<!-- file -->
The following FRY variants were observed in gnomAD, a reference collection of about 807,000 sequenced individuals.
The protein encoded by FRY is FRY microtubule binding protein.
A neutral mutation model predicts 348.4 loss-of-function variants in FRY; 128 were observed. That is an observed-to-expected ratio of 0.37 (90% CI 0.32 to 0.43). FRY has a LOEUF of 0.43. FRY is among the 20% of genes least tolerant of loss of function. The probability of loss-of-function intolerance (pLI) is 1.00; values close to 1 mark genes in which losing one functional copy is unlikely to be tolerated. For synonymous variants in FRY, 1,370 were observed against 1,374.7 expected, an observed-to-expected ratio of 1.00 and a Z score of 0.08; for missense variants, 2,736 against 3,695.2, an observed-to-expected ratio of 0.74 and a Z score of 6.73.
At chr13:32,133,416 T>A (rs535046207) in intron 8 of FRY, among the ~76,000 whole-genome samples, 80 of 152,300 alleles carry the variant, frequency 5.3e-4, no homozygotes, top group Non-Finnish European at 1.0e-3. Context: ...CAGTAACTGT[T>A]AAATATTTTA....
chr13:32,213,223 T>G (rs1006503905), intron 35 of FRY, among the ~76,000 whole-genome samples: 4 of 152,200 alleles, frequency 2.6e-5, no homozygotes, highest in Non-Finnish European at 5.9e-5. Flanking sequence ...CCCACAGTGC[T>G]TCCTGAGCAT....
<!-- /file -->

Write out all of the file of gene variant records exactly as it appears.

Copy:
The following FRY variants were observed in gnomAD, a reference collection of about 807,000 sequenced individuals.
The protein encoded by FRY is FRY microtubule binding protein.
A neutral mutation model predicts 348.4 loss-of-function variants in FRY; 128 were observed. That is an observed-to-expected ratio of 0.37 (90% CI 0.32 to 0.43). FRY has a LOEUF of 0.43. FRY is among the 20% of genes least tolerant of loss of function. The probability of loss-of-function intolerance (pLI) is 1.00; values close to 1 mark genes in which losing one functional copy is unlikely to be tolerated. For synonymous variants in FRY, 1,370 were observed against 1,374.7 expected, an observed-to-expected ratio of 1.00 and a Z score of 0.08; for missense variants, 2,736 against 3,695.2, an observed-to-expected ratio of 0.74 and a Z score of 6.73.
At chr13:32,133,416 T>A (rs535046207) in intron 8 of FRY, among the ~76,000 whole-genome samples, 80 of 152,300 alleles carry the variant, frequency 5.3e-4, no homozygotes, top group Non-Finnish European at 1.0e-3. Context: ...CAGTAACTGT[T>A]AAATATTTTA....
chr13:32,213,223 T>G (rs1006503905), intron 35 of FRY, among the ~76,000 whole-genome samples: 4 of 152,200 alleles, frequency 2.6e-5, no homozygotes, highest in Non-Finnish European at 5.9e-5. Flanking sequence ...CCCACAGTGC[T>G]TCCTGAGCAT....